Taste:  Taste didn't feature quite as much of the citrus notes like the aroma had.  It did have some of the pine in there but that was overshadowed by the bitterness from a dark chocolate and coffee flavor.  The mouthfeel was so smooth due to just the right amount of carbonation.  The aftertaste was bitter like you had just swallowed a little bit of dark chocolate or a dark roasted coffee.  It was really nice.  Again, no signs of alcohol just a really balanced and smooth brew.

Verdict:  I said it many times in this review but the biggest thing that I liked about this brew was the balance.  All of the hop presence was just the right amount to mix in with the chocolate and coffee flavors from the malts.  It was a super easy drinker for the higher ABV.  I'd love to have this as an after dinner brew.  Be even better on a cold night sitting by a fire.  It's just as smooth as drinking a fresh cup of homemade hot chocolate.  The hops they chose mix well with everything.  I've only had a few Baltic Porters but this one fits the style perfect in my opinion of what the style is.  For pairing, I'd say try this brew with some roasted marshmallows sitting by a fire.  If you wanted to put it with a meal it would go well with some short ribs or even some prime rib.  I'm gonna give this one an A.  I really enjoyed what they did with it and was expecting great things from FFF.  They didn't disappoint with this one at all.

Let me know what you think of Topless Wytch if you get it or have had it.  It seems to be a limited brew.  I'm not even sure when it was distributed.  It was a focus of a trade I did not long ago and I popped it and another one the same night.  I'll put a review of the other one up soon.  Thanks for reading guys!



Home Brew Wednesday - Gus HBW #3 Update on Obscurité (Darkness)

Ok today, to go along with the review, I'm doing a simple update to my Belgian Dark Strong Ale I am brewing.  I took a gravity reading Sunday night (1/20/13) and in eight days the gravity had gone down to 1.028.  This puts the brew around 7.5% ABV and leaves it just a hint on the sweet side.  I shook my fermenter up and am going to let it go for another week before I bottle it.  After it's bottled it will have to condition for a month or so.

I did a little taste test as well and can tell this thing is going to be a good brew.  There was just enough hop presence and the fruits were nice as well.  Definitely a Belgian spice already showing itself too.  Again, it was on the sweet side but that was because of the fermentables left in there to finish.  Hopefully that little shake and shimmy I did will get the yeast working again for just a little bit longer.  My target FG is 1.020.  So there isn't much left to hit it.  If it get's a little lower that's fine, maybe it will dry out a bit more.  Either way this brew looks like it will be a good one.  I'm interested to see how it turns out!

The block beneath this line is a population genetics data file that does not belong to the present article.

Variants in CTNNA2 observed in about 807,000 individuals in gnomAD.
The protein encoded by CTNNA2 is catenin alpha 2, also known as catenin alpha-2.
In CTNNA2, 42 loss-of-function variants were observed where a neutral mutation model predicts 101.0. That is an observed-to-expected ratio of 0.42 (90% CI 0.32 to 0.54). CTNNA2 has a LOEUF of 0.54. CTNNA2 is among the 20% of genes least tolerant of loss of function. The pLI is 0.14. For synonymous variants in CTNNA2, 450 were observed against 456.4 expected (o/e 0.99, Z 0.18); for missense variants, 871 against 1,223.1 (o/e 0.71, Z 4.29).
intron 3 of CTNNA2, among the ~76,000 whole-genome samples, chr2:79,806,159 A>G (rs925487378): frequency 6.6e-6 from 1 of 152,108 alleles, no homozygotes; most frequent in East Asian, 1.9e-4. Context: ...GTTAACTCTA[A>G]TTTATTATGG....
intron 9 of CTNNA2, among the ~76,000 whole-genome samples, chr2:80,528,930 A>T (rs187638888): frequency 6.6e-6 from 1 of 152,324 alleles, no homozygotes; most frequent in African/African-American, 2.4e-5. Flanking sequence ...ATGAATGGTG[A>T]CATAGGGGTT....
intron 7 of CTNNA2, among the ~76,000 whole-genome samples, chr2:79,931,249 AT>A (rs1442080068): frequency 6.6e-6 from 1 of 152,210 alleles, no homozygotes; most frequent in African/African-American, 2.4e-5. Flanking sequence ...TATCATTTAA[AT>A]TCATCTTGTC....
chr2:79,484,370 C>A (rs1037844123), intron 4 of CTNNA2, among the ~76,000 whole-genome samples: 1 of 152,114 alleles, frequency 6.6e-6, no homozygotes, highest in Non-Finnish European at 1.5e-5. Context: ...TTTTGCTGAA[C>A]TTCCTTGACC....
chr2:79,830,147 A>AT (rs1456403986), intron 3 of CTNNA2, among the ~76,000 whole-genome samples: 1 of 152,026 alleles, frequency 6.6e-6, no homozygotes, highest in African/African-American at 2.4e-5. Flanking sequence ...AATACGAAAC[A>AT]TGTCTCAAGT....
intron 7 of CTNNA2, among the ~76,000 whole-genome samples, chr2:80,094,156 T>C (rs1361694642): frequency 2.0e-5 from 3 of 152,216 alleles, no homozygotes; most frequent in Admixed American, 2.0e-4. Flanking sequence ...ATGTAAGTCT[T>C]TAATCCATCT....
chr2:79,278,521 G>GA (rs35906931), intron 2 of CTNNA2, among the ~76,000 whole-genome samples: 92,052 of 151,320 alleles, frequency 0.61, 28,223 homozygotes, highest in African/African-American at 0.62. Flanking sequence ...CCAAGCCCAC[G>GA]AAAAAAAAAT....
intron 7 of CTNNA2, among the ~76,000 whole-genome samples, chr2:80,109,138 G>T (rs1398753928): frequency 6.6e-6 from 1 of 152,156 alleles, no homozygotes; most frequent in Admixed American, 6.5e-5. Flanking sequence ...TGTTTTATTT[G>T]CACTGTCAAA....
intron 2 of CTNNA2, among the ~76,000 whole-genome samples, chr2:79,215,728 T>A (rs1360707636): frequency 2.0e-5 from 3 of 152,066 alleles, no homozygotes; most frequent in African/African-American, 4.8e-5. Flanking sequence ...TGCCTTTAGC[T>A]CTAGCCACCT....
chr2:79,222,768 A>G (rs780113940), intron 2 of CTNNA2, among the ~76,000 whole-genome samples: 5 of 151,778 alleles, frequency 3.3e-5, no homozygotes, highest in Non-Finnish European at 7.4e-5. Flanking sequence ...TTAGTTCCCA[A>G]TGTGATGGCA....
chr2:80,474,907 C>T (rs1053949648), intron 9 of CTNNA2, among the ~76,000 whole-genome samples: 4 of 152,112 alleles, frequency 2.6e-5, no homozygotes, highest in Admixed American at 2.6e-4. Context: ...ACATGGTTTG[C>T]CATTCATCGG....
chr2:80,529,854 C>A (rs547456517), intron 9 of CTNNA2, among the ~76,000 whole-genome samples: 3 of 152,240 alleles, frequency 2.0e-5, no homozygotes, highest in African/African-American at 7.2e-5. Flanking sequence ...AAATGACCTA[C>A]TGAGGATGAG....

I'll post some more when I take my final gravity reading and get this thing into bottles.



Monday, January 21, 2013

Victory Brewing Company Otto - Gus #36

Today's brew is a different one.  A different style than most are accustomed to.  It comes from Victory Brewing Company out of Downingtown, PA.  This is their Otto Ale.  A Belgian "Smoked" Dubbel.  I've had some smoked beers, but I've never had a smoked Belgian until this point.  Going into the brew, I had to keep any open mind and look for traits of each beer individually and then decide whether or not I liked how they blended together.  I am a fan of well done smoked beers.  But, I'm a HUGE fan of Belgian beers.  This brew came to me by trade (Thanks Dino!) and as soon as I saw it I was excited to try it.  So here is the review for Victory Brewing Company's Otto Ale.

How it rates with others:

YouTube reviews:

ratebeer review:

Information from the website:

About the Beer:
Style:  Smoked Beer (Rauchbier)
Alcohol by Volume:  8.10%
IBUs:  N/A
Malts:  Munich and Belgian Caramel Malt
Hops:  German Hops
Yeast:  Trappist

"The complimentary flavors of smoked malt and Belgian yeast seemed like an obvious combination," said Bill Covaleski (Victory co-founder.)  "As far as we know, no one has bothered to put them together until now."

I poured this brew into a Belgian tulip glass.

Appearance:  The brew poured into the glass with a dark, rich mahogany color.  Had some ruby hints that faded into orange shades just as it settled.  The pour gave the brew a huge three to four finger head.  I did expect the beer to have a large, frothy head since it was bottle conditioned.  Sticky, fluffy lacing all around the glass.  Slight hints of alcohol legs but the lacing and head hid a lot of that until it dissipated.  Head was an off white, almost cream color.  It was full of multi-sized bubbles and stuck around forever.  Very nice looking Dubbel.  Good head retention even for a 8+% ABV brew.

Aroma:  At first sniff you really pick up some of the sweet, fruity aspects of the Dubbel.  They aren't extremely big though.  Then you pick up a woody smokiness.  It starts to kind of take over with the smoke being the big player.  It is a decent smoke aroma.  But, it overpowers the other things in the brew.  If you weren't exactly looking for the Belgian characteristics you wouldn't find them in my opinion.  Maybe some slight hints of tobacco mixed in.  No alcohol aromas either.  But just a smokey aroma with small hints of the others.